A meeting of parliament’s security committee, convened by the opposition to look into corruption charges against former justice state secretary Pál Völner, lacked a quorum on Tuesday, with representatives of the ruling parties staying away.
The agenda for the meeting would have also included a discussion of leaked footage involving government commissioner Attila Sztojka.
Committee chairman János Stummer of Jobbik, Socialist member Zsolt Molnár and LMP member Péter Ungár told a joint press conference that they were “unsurprised” by the absence of the ruling parties.
The three opposition politicians vowed to restore the committee’s controls and review the body’s practice of classifying information and of licencing intelligence activities if they won the next election in April. They also pledged to hike the salaries of national security personnel.
Molnár said the opposition wanted to ask questions about the Russia-Ukraine conflict, too, but “the same thing happened as during the 2014 and 2018 campaigns: the ruling parties are being secretive and boycotting meetings.”
Concerning the footage involving Sztojka, Ungar said that the case raised the question of whether the interior ministry’s practice of collecting information was legitimate and “the information is being used for party political purposes”. He added that the earlier Pegasus spy software scandal had raised “the same suspicion”.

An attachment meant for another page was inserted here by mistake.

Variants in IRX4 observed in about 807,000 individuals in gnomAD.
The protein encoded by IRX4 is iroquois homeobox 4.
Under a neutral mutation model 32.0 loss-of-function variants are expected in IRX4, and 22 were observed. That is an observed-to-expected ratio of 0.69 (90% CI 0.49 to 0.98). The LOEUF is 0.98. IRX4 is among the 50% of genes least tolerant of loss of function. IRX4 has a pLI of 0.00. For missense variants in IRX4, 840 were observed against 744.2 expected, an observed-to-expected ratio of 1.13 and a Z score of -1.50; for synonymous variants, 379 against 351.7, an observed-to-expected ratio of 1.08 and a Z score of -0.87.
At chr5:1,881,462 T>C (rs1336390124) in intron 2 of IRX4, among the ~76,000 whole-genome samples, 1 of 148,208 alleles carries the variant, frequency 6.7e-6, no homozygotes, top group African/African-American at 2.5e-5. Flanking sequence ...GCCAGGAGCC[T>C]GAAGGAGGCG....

The national security committee has in recent years “lost its actual oversight” such as over the secret services, due to “persistent actions of sabotage” by the ruling parties,
Stummer said. He vowed to restore those controls if they won the next election in April. He also called for an institutional reform of counter-terrorism force TEK, including amendments to the law that governs its operations.
Molnár said the practice of classifying information had become “uninhibited”, and broadening the range of information classified as confidential was unjustified. He pledged to review that practice and reconsider the classification of earlier purchases and other cases.
Referring to the Pegasus case, Molnar said that licencing secret data collection was governed by ill-defined legislation, which offered opportunities for abuse, adding that the opposition would review those rules.
Ungár said that
it was a priority to ensure salaries for the secret services “that are competitive; in the region at least”.
He also said that his party would again propose publication of the files of informers in Hungary’s communist past, adding that once those documents were public “a politician could no longer be blackmailed on the grounds that he had reported on another person”.